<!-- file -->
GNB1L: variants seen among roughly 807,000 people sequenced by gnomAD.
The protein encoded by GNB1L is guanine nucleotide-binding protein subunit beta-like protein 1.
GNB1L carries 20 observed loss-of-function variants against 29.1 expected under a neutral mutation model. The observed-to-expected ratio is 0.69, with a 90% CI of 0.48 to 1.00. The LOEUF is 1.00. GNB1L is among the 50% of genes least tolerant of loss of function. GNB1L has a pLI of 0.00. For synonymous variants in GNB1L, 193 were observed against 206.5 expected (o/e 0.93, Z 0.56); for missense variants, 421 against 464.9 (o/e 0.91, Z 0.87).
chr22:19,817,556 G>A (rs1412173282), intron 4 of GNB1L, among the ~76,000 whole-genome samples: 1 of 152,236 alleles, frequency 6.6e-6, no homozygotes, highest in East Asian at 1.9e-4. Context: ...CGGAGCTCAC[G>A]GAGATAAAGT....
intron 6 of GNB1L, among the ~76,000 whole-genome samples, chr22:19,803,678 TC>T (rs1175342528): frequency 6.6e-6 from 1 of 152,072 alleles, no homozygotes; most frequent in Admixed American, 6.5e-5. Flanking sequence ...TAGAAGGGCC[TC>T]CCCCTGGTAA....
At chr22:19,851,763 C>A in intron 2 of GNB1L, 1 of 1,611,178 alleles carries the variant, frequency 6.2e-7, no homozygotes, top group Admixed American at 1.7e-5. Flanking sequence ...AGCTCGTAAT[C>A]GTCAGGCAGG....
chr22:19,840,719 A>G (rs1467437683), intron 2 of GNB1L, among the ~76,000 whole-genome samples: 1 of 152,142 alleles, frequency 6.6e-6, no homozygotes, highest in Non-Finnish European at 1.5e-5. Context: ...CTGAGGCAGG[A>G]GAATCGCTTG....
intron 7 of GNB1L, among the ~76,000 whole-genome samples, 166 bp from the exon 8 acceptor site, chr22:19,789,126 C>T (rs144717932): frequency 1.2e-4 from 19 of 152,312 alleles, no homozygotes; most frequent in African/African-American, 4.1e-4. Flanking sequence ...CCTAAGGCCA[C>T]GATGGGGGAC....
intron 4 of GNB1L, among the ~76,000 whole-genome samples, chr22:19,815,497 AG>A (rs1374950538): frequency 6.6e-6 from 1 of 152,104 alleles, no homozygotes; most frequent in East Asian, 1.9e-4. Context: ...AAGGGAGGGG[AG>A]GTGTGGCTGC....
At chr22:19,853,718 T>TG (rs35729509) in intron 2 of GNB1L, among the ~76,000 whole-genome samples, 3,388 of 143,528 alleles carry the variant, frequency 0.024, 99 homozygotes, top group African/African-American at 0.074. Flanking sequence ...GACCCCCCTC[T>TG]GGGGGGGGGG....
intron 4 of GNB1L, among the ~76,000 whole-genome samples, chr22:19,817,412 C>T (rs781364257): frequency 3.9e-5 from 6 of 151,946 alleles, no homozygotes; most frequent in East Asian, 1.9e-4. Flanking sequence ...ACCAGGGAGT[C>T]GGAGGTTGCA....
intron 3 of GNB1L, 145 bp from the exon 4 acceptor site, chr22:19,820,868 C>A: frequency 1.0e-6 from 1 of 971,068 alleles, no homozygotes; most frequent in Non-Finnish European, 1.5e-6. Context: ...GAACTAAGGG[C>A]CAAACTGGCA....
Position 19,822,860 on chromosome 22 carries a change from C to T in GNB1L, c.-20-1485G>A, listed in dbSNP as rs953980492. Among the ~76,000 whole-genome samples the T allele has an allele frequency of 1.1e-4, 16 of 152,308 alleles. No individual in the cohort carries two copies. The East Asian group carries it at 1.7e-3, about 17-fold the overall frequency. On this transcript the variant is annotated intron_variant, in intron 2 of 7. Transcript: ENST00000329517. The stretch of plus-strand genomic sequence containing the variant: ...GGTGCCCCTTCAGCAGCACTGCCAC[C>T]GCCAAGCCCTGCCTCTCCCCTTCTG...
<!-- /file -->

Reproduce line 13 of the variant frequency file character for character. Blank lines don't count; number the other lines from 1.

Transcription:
Position 19,822,860 on chromosome 22 carries a change from C to T in GNB1L, c.-20-1485G>A, listed in dbSNP as rs953980492. Among the ~76,000 whole-genome samples the T allele has an allele frequency of 1.1e-4, 16 of 152,308 alleles. No individual in the cohort carries two copies. The East Asian group carries it at 1.7e-3, about 17-fold the overall frequency. On this transcript the variant is annotated intron_variant, in intron 2 of 7. Transcript: ENST00000329517. The stretch of plus-strand genomic sequence containing the variant: ...GGTGCCCCTTCAGCAGCACTGCCAC[C>T]GCCAAGCCCTGCCTCTCCCCTTCTG...